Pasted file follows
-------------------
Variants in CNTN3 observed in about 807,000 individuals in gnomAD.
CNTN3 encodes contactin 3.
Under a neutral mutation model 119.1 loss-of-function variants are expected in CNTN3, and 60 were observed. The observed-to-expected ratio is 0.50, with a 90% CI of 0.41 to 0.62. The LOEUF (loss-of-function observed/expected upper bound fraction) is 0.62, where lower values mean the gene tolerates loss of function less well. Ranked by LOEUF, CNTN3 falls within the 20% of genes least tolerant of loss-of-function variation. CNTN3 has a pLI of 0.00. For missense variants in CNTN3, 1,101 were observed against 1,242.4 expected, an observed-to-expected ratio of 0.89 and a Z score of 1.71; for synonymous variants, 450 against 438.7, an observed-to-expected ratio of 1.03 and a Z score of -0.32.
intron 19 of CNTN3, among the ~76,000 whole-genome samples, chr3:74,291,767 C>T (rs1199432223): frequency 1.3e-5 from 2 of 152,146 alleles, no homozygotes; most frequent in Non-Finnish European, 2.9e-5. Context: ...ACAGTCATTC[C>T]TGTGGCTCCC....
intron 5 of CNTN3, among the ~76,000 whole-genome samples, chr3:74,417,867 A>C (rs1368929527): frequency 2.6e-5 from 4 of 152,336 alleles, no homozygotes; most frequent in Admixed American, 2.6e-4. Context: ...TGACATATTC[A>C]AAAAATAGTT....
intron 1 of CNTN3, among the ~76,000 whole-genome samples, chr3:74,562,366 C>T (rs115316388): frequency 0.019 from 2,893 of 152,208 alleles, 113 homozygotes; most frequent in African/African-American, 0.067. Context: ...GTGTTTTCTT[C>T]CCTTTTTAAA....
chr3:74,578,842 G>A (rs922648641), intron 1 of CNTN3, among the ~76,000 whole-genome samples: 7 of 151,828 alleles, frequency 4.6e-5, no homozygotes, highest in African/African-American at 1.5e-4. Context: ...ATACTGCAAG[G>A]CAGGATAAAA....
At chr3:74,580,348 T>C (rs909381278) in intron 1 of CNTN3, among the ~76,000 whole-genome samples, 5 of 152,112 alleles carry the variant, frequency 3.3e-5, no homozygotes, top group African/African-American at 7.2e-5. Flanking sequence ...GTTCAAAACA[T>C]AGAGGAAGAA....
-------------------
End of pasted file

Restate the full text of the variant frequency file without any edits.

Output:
Variants in CNTN3 observed in about 807,000 individuals in gnomAD.
CNTN3 encodes contactin 3.
Under a neutral mutation model 119.1 loss-of-function variants are expected in CNTN3, and 60 were observed. The observed-to-expected ratio is 0.50, with a 90% CI of 0.41 to 0.62. The LOEUF (loss-of-function observed/expected upper bound fraction) is 0.62, where lower values mean the gene tolerates loss of function less well. Ranked by LOEUF, CNTN3 falls within the 20% of genes least tolerant of loss-of-function variation. CNTN3 has a pLI of 0.00. For missense variants in CNTN3, 1,101 were observed against 1,242.4 expected, an observed-to-expected ratio of 0.89 and a Z score of 1.71; for synonymous variants, 450 against 438.7, an observed-to-expected ratio of 1.03 and a Z score of -0.32.
intron 19 of CNTN3, among the ~76,000 whole-genome samples, chr3:74,291,767 C>T (rs1199432223): frequency 1.3e-5 from 2 of 152,146 alleles, no homozygotes; most frequent in Non-Finnish European, 2.9e-5. Context: ...ACAGTCATTC[C>T]TGTGGCTCCC....
intron 5 of CNTN3, among the ~76,000 whole-genome samples, chr3:74,417,867 A>C (rs1368929527): frequency 2.6e-5 from 4 of 152,336 alleles, no homozygotes; most frequent in Admixed American, 2.6e-4. Context: ...TGACATATTC[A>C]AAAAATAGTT....
intron 1 of CNTN3, among the ~76,000 whole-genome samples, chr3:74,562,366 C>T (rs115316388): frequency 0.019 from 2,893 of 152,208 alleles, 113 homozygotes; most frequent in African/African-American, 0.067. Context: ...GTGTTTTCTT[C>T]CCTTTTTAAA....
chr3:74,578,842 G>A (rs922648641), intron 1 of CNTN3, among the ~76,000 whole-genome samples: 7 of 151,828 alleles, frequency 4.6e-5, no homozygotes, highest in African/African-American at 1.5e-4. Context: ...ATACTGCAAG[G>A]CAGGATAAAA....
At chr3:74,580,348 T>C (rs909381278) in intron 1 of CNTN3, among the ~76,000 whole-genome samples, 5 of 152,112 alleles carry the variant, frequency 3.3e-5, no homozygotes, top group African/African-American at 7.2e-5. Flanking sequence ...GTTCAAAACA[T>C]AGAGGAAGAA....